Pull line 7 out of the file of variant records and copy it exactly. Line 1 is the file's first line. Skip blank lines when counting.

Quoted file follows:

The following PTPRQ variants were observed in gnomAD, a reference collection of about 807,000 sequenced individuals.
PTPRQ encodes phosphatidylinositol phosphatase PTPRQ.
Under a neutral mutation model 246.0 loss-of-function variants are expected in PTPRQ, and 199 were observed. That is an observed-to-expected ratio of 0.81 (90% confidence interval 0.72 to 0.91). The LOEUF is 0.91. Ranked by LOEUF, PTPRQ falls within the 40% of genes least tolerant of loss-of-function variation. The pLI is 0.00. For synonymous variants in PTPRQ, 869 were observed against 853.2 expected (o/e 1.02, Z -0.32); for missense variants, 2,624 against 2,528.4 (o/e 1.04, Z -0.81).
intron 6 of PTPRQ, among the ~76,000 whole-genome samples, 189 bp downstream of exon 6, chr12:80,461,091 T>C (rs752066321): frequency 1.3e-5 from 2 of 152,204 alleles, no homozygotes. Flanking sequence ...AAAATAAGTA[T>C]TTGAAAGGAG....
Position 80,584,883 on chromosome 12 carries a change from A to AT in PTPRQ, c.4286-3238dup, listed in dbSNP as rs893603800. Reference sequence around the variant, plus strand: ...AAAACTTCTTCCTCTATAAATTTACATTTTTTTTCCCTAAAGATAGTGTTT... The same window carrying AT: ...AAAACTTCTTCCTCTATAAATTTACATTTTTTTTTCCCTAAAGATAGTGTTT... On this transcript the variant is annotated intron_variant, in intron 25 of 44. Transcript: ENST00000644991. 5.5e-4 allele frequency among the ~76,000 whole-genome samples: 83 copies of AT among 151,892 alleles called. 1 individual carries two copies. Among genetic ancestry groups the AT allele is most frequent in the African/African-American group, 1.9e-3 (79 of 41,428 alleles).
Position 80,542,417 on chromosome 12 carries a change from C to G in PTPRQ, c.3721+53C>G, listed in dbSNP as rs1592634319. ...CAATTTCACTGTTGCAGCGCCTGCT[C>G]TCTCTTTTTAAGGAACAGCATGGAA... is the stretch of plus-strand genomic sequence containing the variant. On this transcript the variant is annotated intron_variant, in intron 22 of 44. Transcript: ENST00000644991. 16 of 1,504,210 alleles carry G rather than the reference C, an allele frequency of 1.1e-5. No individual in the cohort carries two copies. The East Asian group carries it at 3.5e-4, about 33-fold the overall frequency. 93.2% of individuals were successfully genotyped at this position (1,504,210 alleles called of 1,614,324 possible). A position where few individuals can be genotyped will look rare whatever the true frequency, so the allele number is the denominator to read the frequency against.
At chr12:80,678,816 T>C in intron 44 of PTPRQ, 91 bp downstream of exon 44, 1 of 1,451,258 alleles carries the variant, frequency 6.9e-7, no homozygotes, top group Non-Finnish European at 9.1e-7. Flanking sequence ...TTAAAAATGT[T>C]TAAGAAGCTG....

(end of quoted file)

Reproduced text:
At chr12:80,678,816 T>C in intron 44 of PTPRQ, 91 bp downstream of exon 44, 1 of 1,451,258 alleles carries the variant, frequency 6.9e-7, no homozygotes, top group Non-Finnish European at 9.1e-7. Flanking sequence ...TTAAAAATGT[T>C]TAAGAAGCTG....